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Unformatted text preview: Module 1 --- Article 8 QUICKSTATS WEIGHT AND MORTALITY
Three years ago, the Centers for Disease Control and Prevention (CDC) concluded that, based on US data from the year 2000, being underweight or obese increased the likelihood of death, compared to people of normal weight. Surprisingly, being overweight (but not obese) was associated with a lower risk of death.1 Weight was categorized using the following body mass index (BMI) ranges: underweight (BMI= <18.5); normal weight (BMI= 18.5 to <25); overweight (BMI= 25 to <30); obesity (BMI= 30 or greater). A new study, examining 2004 mortality data, supports and expands on previous findings. “Excess” or “fewer” deaths, noted below, are in comparison to deaths of those with normal weight.
• UNDERWEIGHT was found to be associated with increased mortality, overall, primarily due to increased mortality from noncancer and noncardiovascular disease causes (23 455 excess deaths). Among the underweight, chronic respiratory conditions were primarily responsible for the excess mortality. The authors cite research associating underweight with “increased mortality even after the simultaneous exclusion of ever-smokers or those with cancer, CVD [cardiovascular disease], chronic obstructive pulmonary disease, or end-stage renal disease.” • OVERWEIGHT was found to be associated with decreased mortality, overall, primarily due to decreased mortality from noncancer and noncardiovascular causes (69 299 fewer deaths). There was increased mortality from diabetes and kidney disease–combined–(13 904 excess deaths). Pertaining to the finding of decreased overall mortality among the overweight, the authors note that there is evidence that, in some cases, “modestly higher weights” may increase the likelihood of survival. These circumstances include “recovery from adverse conditions, such as infections or medical procedures, and with improved prognosis for some diseases.” They suggest that “such findings may be due to greater nutritional reserves or higher lean body mass associated with being overweight.” The authors note that this offers only a partial explanation and that the reasons for the association between being overweight and decreased mortality remain relatively unclear. • OBESITY was found to be associated with increased mortality, overall, primarily due to increased mortality from cardiovascular disease (112 159 excess deaths), diabetes and kidney disease–combined–(33 643 excess deaths), and from cancers considered to be obesity-related (13 839 excess deaths), but not from other cancers. (The authors list the following as types of cancer noted in the medical literature as being obesity-related: colon, breast, esophageal, uterine, ovarian, kidney, and pancreatic.)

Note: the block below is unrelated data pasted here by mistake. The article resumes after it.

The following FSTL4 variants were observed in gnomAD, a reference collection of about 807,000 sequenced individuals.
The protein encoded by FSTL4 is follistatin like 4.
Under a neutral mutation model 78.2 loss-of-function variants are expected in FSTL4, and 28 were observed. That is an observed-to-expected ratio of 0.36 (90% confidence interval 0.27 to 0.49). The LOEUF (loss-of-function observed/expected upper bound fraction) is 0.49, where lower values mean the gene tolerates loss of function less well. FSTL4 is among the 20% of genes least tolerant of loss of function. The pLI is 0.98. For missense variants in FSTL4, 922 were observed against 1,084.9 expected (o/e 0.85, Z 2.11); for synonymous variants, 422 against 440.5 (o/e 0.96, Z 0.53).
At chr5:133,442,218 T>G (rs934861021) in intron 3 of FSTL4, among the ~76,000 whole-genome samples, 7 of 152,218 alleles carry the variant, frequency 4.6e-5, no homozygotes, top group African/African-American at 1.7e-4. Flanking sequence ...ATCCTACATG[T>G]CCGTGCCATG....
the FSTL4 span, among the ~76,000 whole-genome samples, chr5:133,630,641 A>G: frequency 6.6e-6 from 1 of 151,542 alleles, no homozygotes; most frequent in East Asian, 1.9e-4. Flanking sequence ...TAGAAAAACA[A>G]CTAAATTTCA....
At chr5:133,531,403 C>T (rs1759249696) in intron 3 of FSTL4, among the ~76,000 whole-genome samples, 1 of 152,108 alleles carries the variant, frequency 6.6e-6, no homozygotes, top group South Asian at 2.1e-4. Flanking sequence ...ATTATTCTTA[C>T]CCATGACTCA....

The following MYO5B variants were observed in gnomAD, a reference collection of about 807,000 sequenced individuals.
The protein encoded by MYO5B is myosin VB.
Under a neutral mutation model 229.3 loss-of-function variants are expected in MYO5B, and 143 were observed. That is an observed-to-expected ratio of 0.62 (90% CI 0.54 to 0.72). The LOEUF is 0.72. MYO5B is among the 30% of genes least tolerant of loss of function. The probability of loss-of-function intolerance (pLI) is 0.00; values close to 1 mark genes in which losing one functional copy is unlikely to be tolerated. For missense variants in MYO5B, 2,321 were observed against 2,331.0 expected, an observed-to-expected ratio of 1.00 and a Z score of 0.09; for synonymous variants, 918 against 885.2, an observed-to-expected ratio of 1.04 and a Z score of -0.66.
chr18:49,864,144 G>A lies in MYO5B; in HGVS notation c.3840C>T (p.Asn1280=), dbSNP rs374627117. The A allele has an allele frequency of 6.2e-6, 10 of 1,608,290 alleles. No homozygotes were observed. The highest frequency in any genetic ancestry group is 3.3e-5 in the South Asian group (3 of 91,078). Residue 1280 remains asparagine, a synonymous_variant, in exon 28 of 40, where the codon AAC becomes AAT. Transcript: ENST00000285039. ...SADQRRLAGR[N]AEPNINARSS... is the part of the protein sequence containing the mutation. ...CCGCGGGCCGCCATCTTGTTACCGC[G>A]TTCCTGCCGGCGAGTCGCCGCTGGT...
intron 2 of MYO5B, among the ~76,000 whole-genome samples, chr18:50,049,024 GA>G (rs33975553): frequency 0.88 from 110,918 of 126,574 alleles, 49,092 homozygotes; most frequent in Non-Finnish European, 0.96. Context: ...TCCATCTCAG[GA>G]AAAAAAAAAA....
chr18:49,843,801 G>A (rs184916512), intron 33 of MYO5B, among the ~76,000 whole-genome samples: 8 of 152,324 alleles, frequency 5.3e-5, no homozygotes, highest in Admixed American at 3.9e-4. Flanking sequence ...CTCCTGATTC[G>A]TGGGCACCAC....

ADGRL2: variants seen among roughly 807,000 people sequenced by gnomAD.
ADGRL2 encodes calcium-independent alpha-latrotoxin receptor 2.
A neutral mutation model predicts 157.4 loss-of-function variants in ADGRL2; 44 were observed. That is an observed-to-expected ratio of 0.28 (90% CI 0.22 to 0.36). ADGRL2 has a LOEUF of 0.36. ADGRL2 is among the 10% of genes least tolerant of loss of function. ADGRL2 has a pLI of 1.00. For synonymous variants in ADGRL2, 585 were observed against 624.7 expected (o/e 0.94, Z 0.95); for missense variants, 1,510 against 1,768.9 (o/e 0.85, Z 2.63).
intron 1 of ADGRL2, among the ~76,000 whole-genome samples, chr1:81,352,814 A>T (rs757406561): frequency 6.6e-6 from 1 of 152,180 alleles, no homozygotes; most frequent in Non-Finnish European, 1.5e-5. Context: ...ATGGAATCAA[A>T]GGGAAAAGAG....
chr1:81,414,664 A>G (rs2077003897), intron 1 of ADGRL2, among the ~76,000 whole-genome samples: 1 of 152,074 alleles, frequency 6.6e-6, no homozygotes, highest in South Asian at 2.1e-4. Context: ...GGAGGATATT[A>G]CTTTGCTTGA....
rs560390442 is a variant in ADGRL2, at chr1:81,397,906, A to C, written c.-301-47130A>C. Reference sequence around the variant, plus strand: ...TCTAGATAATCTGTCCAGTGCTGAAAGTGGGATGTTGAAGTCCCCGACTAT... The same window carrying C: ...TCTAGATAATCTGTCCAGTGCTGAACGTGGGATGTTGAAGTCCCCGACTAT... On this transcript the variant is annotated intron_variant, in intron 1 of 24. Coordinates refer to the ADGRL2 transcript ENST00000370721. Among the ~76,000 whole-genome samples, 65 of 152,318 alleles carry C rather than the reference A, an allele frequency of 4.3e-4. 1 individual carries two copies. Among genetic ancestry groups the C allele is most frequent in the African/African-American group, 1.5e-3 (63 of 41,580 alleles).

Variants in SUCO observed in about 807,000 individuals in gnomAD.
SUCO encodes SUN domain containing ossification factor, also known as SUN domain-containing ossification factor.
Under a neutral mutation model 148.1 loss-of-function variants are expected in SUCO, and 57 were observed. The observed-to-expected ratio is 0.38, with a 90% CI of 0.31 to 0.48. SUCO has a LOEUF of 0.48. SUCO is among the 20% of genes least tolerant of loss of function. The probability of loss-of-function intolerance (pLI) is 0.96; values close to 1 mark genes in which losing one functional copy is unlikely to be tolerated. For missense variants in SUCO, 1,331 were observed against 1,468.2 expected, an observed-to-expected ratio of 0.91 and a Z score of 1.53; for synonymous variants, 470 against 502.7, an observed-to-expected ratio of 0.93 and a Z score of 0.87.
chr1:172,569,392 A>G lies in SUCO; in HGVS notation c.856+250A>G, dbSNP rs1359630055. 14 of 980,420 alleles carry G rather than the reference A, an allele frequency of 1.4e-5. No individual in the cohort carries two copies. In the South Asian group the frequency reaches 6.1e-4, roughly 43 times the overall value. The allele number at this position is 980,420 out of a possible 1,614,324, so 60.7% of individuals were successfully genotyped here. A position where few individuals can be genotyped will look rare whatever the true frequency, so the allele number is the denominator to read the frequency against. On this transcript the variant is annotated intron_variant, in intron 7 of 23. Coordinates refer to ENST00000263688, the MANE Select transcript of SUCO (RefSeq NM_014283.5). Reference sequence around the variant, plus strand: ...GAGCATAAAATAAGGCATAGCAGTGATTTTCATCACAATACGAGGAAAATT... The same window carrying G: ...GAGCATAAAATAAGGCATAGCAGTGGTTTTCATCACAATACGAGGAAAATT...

1 See the June 2005 issue of The Complete Practitioner or the Subscribers’ Area of our Web site (search Flegal). The citation for the 2005 study is: Flegal KM, Graubard BI, Williamson DF, & Gail MH. Excess deaths associated with underweight, overweight, and obesity. JAMA: Journal of the American Medical Association, 293:1861-1867, 2005. Flegal KM, Graubard BI, Williamson DF, & Gail MH. Cause-specific excess deaths associated with underweight, overweight, and obesity. JAMA: Journal of the American Medical Association, 298:2028-2037, 2007. Support: There was no external funding. ©Copyright 2011 MWK Publishing LLC; from The Complete Practitioner: Mental Health Applications (Vol. 11, No. 1 -- January 2008) For next article, go to next page. ...
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This note was uploaded on 02/10/2011 for the course PCO 4930 taught by Professor Neimeyer during the Spring '09 term at University of Florida.
- Spring '09